The assumption of independence among the observations is a strategy successfully applied in the speaker verification field. In this case, the verification task can be seen as a multiple-instance learning problem, where, instead of receiving a set of instances which are individually labelled, the system receives a set of labelled bags, where each bag is the set of observations representing a signature. This approach allows the use of models with less computational load and lower requirements on the number of training samples. This work explores the use of different strategies based on a class of generative models called Gaussian Mixture Models (GMM), which have the advantage of being able to process signals with different length, such as the ones coming from on-line digitised signatures, without the need of a previous standardisation of the signal length. This kind of models have been extensively used for speaker recognition [8], and they have also been tested for on-line signature verification [9]. GMMs are conventionally trained using the Expectation-Maximisation (EM) algorithm, which is an implementation of the Maximum Likelihood criterion. The EM algorithm provides a simple and quick way to train a GMM. However, it presents three main drawbacks. First of all, the EM algorithm requires a considerable number of samples for training the models. Second, it is sensitive to overfitting, i.e., it fits to the training data but lacks the generalisation ability to make accurate predictions for new data, and finally, it does not provide a compact way to estimate the correct number of Gaussian components M, so it must be set using a cross-validation strategy. In order to overcome the first two pointed out limitations, in [8], it was proposed a training strategy called GMM-Universal Background Model (GMM-UBM). It consists in training a ''universal'' model (a class independent GMM adjusted from all the observations in the universe), and using a Bayesian adaptation procedure to transform the UBM into a class-dependent model. This strategy has proved to achieve better results than the conventional GMM strategy [8, 10]. Following this approach, a system combining the advantage of discriminative and generative models was proposed in [11]. The system used a UBM, and more precisely, the mean vectors of user-dependent adapted GMM, to construct a new feature space where a Support Vector Machine (SVM) was employed to take the final decision. This method is typically called GMM-Supervector (GMM-SVM).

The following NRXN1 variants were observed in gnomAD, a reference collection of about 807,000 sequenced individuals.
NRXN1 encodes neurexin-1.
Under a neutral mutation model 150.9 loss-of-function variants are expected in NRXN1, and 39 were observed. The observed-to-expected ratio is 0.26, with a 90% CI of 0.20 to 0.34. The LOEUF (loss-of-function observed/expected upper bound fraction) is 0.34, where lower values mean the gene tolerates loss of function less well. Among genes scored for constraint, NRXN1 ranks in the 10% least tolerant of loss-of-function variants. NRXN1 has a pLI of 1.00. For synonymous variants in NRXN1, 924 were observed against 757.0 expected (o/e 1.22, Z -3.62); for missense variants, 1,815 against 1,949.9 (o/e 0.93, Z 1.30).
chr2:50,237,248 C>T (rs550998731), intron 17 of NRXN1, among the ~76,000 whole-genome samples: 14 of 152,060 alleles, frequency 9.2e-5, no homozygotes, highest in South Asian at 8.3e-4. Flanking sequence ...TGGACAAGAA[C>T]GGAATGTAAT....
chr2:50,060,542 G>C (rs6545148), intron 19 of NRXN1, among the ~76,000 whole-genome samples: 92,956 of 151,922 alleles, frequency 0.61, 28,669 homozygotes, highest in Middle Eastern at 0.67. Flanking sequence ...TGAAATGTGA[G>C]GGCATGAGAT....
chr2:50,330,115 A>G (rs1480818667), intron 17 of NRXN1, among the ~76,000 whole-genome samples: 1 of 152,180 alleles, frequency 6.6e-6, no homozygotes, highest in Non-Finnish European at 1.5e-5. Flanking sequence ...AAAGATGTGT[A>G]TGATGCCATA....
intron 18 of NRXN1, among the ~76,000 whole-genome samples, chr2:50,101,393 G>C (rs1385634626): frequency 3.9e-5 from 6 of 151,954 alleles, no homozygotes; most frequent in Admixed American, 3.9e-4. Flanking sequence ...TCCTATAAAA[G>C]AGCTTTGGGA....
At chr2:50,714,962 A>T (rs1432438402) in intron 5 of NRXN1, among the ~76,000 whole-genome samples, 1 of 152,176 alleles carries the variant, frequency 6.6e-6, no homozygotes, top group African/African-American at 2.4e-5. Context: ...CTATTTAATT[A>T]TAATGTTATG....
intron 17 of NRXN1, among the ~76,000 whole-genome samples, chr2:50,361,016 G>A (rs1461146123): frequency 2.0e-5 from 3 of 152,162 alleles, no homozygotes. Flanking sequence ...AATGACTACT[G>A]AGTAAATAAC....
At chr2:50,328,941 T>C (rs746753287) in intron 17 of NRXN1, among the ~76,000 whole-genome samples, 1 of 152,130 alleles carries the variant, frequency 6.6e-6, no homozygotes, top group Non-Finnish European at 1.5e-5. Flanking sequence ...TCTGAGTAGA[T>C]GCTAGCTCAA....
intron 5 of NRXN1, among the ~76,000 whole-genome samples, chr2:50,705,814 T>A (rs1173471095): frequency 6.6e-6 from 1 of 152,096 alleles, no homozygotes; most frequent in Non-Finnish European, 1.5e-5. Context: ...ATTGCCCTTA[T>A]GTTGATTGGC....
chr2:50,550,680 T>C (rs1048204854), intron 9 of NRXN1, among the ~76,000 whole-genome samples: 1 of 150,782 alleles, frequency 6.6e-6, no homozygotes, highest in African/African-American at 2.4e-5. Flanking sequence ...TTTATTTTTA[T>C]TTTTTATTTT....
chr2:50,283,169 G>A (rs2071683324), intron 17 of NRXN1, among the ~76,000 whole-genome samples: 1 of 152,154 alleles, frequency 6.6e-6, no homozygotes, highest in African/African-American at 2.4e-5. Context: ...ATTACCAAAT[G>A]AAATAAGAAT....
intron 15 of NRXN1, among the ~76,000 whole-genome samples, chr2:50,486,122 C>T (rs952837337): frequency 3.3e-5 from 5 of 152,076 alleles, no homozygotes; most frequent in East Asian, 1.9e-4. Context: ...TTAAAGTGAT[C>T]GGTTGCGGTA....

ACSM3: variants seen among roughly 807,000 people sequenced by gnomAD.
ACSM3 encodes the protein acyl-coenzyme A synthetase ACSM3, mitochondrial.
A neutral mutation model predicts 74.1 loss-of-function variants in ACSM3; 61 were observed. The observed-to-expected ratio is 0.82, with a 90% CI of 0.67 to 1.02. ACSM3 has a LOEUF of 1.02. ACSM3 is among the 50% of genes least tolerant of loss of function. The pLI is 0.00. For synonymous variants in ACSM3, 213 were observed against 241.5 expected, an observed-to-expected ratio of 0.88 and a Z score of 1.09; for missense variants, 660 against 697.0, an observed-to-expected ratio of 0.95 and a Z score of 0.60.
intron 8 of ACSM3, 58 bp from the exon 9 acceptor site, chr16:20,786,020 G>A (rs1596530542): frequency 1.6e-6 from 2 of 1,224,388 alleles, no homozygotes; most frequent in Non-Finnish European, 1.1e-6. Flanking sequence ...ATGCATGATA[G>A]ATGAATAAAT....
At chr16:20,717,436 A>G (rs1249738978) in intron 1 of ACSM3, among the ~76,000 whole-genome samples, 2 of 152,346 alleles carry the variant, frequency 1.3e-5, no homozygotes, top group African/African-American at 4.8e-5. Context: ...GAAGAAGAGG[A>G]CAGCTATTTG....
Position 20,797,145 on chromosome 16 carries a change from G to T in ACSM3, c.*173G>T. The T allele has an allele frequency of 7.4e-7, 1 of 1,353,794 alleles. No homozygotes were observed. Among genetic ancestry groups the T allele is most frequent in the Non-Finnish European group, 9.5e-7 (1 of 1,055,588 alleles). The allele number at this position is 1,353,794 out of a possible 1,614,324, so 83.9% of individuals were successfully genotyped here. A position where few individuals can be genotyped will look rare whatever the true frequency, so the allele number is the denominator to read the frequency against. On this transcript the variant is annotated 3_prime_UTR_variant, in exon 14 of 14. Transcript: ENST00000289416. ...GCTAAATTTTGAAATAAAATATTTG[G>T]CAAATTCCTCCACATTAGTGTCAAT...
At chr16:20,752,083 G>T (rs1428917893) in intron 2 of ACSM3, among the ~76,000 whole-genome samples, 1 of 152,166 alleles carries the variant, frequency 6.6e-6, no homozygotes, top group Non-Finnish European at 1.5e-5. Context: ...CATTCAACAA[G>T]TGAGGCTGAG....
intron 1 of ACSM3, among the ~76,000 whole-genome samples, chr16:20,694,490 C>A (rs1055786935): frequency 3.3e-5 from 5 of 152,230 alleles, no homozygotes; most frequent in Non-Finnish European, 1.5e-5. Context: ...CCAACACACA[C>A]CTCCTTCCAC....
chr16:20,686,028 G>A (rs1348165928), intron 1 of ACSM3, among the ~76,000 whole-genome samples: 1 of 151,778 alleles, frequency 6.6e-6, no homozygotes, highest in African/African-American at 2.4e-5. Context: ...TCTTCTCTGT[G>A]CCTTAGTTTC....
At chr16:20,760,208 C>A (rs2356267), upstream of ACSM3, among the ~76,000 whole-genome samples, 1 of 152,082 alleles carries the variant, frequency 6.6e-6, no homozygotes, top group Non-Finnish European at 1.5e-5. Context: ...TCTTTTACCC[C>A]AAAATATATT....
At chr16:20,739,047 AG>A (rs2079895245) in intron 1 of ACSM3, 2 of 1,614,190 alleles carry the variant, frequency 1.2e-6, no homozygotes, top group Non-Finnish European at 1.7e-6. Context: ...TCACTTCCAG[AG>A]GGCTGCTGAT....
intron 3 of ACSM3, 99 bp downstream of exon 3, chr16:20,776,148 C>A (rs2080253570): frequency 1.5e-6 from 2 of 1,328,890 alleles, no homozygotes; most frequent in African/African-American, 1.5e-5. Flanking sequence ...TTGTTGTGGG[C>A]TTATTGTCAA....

Although the UBM and GMM-SVM approaches have obtained significant improvements in comparison to the standard GMM strategy, in both cases the training of the UBM is still based on the EM algorithm, and its corresponding drawbacks remain. Recently, a full Bayesian learning for GMM has been proposed [12], which transforms the GMM into a hierarchical Bayesian model assigning prior distributions to the GMM parameters. The training algorithm based on this approach is called Variational EM, and in addition to show better performance under small sample size conditions, it provides a semi-automatic way to select the optimum number of Gaussian components, with the consequent reduction of the computational load during the training stage.